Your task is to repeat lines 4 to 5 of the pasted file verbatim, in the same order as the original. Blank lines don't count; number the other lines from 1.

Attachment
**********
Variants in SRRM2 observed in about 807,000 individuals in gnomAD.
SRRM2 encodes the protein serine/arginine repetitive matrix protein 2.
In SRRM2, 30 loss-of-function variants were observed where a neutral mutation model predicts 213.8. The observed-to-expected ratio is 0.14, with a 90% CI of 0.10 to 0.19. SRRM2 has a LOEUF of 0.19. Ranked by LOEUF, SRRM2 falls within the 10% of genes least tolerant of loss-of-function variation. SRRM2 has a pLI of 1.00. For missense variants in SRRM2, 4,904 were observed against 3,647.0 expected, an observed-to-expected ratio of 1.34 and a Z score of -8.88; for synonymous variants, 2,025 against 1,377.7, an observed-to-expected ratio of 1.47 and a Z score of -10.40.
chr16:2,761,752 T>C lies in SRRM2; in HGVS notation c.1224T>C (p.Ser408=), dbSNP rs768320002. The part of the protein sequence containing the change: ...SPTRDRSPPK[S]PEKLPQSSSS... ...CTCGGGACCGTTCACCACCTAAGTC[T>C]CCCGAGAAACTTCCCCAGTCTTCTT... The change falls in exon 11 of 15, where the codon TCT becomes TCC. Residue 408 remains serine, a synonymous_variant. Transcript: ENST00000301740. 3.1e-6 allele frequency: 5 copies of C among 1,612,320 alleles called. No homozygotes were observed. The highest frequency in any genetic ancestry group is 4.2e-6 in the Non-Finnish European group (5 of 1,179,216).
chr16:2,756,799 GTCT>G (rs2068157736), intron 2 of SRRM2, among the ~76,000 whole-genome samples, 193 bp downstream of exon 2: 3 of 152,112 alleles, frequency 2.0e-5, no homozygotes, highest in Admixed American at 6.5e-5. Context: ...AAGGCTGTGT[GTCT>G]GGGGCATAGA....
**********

chr16:2,761,752 T>C lies in SRRM2; in HGVS notation c.1224T>C (p.Ser408=), dbSNP rs768320002. The part of the protein sequence containing the change: ...SPTRDRSPPK[S]PEKLPQSSSS... ...CTCGGGACCGTTCACCACCTAAGTC[T>C]CCCGAGAAACTTCCCCAGTCTTCTT... The change falls in exon 11 of 15, where the codon TCT becomes TCC. Residue 408 remains serine, a synonymous_variant. Transcript: ENST00000301740. 3.1e-6 allele frequency: 5 copies of C among 1,612,320 alleles called. No homozygotes were observed. The highest frequency in any genetic ancestry group is 4.2e-6 in the Non-Finnish European group (5 of 1,179,216).
chr16:2,756,799 GTCT>G (rs2068157736), intron 2 of SRRM2, among the ~76,000 whole-genome samples, 193 bp downstream of exon 2: 3 of 152,112 alleles, frequency 2.0e-5, no homozygotes, highest in Admixed American at 6.5e-5. Context: ...AAGGCTGTGT[GTCT>G]GGGGCATAGA....